Plus, the threaded hole acts as a starting point for crack propagation, which means that the actual strength under cyclic loading may be something ridiculously low, like 1/10th of the simulated strength because it’s like tearing paper that’s already been cut with a wedge. Should just have a straight hole with a nut on the other side.

        1. there, bolts and nuts: another point well mentioned.
          but the lever principle is the thing at work here as the forces are not relieved well in this design.

          about the spokes: they are not under constant tension. actually the wheel is hanging from the spokes above the hub. the lower spokes could be complete tension less if not tightened enough. that situation changes while the wheel is turning during biking constantly.

          ps. I’m not a mechanical engineer, but a real one once told me to regard every construction as if everything is made from rubber and imagine what would happen when fasteners would be loose in a stiff one. That makes forces and distortion in any construction a lot more clear.

          1. No. Bicycle wheel spokes are under constant tension.

            If the hub was only hanging down from the spokes above it, it could still swing sideways like the seat of a swingset. If the spokes below the hub aren’t pulled tight enough that they stay under tension while the wheel is loaded, the wheel has no lateral stability.

            But simply pulling the spokes tight is not enough. The other trick that makes a bicycle wheel work is the fact that the hub is slightly wider than the rim, and the spokes alternate between the two flanges of the hub. If the spokes went along the same line both on the rim and on the hub, it would again have no lateral stability.

            It’s like the classic trick question: how hard do you have to pull to make a clothes line exactly straight? Answer: hard enough to snap it so it hangs straight down… reason being that the force of gravity that is bowing the string acts exactly 90 degrees from the force that is pulling it taut, so no matter how hard you pull on the string, it still takes no force whatsoever to put it out of straight. The same thing happens with the bicycle wheel – if the spokes are all aligned laterally, it simply cannot run straight.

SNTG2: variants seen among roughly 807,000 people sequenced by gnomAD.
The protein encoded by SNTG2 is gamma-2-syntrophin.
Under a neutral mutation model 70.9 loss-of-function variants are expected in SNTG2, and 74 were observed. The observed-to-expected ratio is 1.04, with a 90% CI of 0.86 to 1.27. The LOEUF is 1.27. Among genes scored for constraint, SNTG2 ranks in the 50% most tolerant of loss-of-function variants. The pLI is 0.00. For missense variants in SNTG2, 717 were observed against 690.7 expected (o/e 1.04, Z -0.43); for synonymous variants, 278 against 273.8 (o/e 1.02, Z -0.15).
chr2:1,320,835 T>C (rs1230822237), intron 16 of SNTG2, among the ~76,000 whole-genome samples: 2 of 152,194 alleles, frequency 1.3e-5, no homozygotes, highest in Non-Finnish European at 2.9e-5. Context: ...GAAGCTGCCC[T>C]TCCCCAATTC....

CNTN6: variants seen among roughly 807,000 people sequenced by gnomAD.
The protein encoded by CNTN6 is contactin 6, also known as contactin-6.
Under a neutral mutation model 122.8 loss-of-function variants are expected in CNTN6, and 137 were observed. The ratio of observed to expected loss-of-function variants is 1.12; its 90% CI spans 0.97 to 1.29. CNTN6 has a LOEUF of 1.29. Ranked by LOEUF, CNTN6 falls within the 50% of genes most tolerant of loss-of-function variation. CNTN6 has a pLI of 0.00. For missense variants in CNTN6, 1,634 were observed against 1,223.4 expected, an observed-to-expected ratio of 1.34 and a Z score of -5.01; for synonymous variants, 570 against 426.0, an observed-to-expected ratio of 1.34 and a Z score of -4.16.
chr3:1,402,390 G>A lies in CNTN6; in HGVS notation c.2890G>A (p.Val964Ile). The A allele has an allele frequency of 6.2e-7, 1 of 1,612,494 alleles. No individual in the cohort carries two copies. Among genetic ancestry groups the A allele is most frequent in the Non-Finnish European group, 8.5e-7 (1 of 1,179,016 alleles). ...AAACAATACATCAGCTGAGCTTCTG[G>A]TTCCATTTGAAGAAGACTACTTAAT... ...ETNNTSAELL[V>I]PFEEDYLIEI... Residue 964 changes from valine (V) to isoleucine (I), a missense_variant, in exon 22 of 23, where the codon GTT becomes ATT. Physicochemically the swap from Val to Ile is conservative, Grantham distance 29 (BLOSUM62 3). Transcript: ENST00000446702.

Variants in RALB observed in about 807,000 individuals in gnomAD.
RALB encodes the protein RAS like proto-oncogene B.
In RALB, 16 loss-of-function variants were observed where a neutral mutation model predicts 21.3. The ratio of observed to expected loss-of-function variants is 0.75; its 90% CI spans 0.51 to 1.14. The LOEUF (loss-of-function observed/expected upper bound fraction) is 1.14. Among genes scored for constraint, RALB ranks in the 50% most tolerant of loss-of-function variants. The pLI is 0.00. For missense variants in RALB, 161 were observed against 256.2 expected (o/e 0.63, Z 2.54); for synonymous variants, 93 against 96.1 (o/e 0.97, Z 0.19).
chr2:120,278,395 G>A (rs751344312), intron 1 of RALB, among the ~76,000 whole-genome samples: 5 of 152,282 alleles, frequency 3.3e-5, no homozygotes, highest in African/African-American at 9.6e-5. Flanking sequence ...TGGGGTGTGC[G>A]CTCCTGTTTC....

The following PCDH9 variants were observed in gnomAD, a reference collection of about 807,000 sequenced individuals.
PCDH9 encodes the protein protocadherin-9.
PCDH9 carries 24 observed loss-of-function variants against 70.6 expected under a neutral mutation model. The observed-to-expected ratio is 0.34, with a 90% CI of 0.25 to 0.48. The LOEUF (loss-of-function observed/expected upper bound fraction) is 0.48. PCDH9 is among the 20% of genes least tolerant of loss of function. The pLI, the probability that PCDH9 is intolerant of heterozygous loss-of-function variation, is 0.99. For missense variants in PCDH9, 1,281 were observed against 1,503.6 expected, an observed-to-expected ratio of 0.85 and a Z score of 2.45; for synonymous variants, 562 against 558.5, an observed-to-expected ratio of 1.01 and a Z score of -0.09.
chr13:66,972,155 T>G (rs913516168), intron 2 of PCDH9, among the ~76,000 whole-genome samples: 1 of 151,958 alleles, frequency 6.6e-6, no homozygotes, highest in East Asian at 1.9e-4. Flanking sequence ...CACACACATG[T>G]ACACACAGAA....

That’s why the spokes basically form two shallow cones facing each other. The deeper you make the cones (the wider the hub), the more lateral forces your wheel can handle before it turns into a taco. This is also why you can’t (shouldn’t) go 45 kph on bicycle wheels – if you get any sudden lateral forces on the wheels, they will buckle under you.

    2. I’m no mechanical engineer, but that whole assembly looked much too flimsy to survive accelerating the mass of an adult human being. People rely too much on simulators and not enough on common sense.

      I used to run circuit simulations on RFIC designs and quickly learned that any dope can get a simulator to spit out some numbers, but it takes training and experience to get them to spit out meaningful numbers, and to know the range of conditions under which those numbers are valid.

      When in doubt, overbuild! It may not look as pretty, but you won’t be stuck on the side of the road with a busted pulley. What’s the reference? Look at a the chain rings on the same bicycle- those rarely fail while performing the task of accelerating an adult human body mass.

  4. I’ve got a engineering and motorcycle industry back ground. The featured pulley “design” is so deficient, on so many levels, it should be thrown over the fence. Lucky it didn’t kill someone.

  5. Looks like an application for a variable diameter sprocket unfortunately no design has ever worked well enough to be usable … but wait … have you seen activesprockets on youtube?